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The Effects of School Quality and Family Functioning on Youth Math Scores: a Canadian Longitudinal Analysis

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  • Pierre Lefebvre
  • Philip Merrigan
  • Matthieu Verstraete

Abstract

This paper tries to disentangle the relative importance of family and school inputs on a child's cognitive achievement as measured by her percentile score on a mathematics test. We replicate a study by Todd and Wolpin (2007) in the United States with Canadian data. In contrast to their work that uses state-level indicators of school quality, we estimate our model with data from Statistics Canada's National Longitudinal Survey of Children and Youth (NLSCY) which provides micro-level information on the family and school history of the child. The sample used for the analysis is based on the 7- to 15-year-old longitudinal children who have completed at least two consecutive math tests. As in Todd and Wolpin, we conclude that cognitive outcomes are determined by current and past family inputs. Contrary to them, who find no impact of school inputs, we find that the quality of schools has a positive impact on achievement in mathematics.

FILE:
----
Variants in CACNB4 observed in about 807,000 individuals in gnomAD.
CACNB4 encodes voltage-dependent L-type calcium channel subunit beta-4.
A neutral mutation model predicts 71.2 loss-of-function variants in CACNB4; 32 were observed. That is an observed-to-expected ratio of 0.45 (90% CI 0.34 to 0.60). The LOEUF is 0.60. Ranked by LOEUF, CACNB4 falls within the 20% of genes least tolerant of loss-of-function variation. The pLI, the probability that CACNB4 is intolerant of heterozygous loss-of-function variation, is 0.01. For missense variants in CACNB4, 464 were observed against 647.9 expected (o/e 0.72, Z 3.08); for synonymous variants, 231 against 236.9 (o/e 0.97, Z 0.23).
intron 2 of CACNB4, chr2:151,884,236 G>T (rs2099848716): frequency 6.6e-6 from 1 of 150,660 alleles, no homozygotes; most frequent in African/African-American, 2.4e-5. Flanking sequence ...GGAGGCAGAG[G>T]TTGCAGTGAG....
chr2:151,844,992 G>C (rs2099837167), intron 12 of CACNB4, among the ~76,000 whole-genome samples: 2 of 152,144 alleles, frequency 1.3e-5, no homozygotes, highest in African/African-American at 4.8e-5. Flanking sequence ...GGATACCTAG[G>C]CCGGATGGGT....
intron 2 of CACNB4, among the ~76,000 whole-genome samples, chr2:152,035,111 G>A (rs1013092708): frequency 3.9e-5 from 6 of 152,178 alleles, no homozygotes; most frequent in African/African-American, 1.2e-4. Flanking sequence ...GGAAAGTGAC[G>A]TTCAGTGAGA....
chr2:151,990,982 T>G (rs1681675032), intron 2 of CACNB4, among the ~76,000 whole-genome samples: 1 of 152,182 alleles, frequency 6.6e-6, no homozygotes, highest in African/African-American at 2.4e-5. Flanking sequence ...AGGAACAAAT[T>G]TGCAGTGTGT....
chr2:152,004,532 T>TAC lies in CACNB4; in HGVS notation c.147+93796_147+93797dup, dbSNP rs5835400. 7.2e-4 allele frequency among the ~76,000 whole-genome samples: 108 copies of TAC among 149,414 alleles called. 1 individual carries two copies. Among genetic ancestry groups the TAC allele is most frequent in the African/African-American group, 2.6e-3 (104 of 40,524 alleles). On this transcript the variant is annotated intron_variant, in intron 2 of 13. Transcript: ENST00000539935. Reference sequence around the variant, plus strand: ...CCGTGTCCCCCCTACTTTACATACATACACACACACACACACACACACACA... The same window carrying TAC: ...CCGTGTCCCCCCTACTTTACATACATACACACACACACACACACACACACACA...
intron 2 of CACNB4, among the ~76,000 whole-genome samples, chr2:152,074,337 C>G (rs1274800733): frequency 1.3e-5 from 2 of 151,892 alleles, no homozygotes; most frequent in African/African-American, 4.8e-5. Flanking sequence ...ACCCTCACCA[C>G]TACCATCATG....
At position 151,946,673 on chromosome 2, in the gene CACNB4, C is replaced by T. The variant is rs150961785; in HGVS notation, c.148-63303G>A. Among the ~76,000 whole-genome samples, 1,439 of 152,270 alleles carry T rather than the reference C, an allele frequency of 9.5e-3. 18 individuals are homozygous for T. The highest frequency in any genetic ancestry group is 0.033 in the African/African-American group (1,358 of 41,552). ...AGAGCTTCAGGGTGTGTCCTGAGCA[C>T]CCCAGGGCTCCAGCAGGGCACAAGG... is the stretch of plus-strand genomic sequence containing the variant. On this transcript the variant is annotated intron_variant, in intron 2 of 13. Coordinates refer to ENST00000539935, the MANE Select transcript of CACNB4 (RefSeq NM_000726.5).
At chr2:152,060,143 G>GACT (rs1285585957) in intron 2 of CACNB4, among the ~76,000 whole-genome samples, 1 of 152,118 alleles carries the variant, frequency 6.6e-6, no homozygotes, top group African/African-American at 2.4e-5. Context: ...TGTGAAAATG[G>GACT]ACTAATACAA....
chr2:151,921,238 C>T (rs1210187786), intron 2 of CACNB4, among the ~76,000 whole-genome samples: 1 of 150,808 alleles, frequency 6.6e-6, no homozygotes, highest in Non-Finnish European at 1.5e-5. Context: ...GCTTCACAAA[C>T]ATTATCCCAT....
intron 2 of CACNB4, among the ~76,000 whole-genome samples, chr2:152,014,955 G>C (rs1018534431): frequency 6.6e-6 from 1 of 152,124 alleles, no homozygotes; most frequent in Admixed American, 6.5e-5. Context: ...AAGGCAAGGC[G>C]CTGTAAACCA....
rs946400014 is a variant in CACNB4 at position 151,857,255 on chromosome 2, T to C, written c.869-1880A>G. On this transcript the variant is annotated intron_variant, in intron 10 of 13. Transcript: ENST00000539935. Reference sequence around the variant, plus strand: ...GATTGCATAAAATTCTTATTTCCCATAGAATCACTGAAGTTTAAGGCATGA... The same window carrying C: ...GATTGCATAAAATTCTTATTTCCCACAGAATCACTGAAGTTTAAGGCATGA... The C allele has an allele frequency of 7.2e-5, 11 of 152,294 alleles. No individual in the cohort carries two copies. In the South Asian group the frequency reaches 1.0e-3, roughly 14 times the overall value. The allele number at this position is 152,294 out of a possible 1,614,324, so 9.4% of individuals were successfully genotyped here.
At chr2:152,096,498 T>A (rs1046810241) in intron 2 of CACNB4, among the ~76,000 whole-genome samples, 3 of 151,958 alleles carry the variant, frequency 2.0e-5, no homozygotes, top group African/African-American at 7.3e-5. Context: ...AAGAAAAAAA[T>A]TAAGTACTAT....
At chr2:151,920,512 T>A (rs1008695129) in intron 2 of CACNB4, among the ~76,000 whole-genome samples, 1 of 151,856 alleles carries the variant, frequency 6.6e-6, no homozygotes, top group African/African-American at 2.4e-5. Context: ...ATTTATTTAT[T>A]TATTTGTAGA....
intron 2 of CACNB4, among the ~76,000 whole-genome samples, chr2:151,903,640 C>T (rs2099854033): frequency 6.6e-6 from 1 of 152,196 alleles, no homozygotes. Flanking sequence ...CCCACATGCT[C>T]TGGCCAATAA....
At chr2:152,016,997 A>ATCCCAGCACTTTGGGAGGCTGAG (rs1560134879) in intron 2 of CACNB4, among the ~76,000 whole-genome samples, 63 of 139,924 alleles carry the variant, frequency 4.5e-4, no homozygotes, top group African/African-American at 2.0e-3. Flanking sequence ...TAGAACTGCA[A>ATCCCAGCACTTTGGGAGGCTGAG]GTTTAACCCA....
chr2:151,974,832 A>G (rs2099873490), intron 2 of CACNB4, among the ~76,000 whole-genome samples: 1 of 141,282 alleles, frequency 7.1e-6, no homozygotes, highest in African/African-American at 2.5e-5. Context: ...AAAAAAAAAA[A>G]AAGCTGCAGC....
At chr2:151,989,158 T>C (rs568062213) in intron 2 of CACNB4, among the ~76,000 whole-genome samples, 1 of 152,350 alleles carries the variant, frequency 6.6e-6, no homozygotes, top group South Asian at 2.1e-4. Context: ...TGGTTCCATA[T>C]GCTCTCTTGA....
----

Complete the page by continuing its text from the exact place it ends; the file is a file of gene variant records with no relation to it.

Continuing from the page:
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Bibliographic Info

Paper provided by CIRPEE in its series Cahiers de recherche with number 0822.

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Date of creation: 2008
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Handle: RePEc:lvl:lacicr:0822

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Keywords: Math scores; human capital; child development; school and family inputs; panel data;

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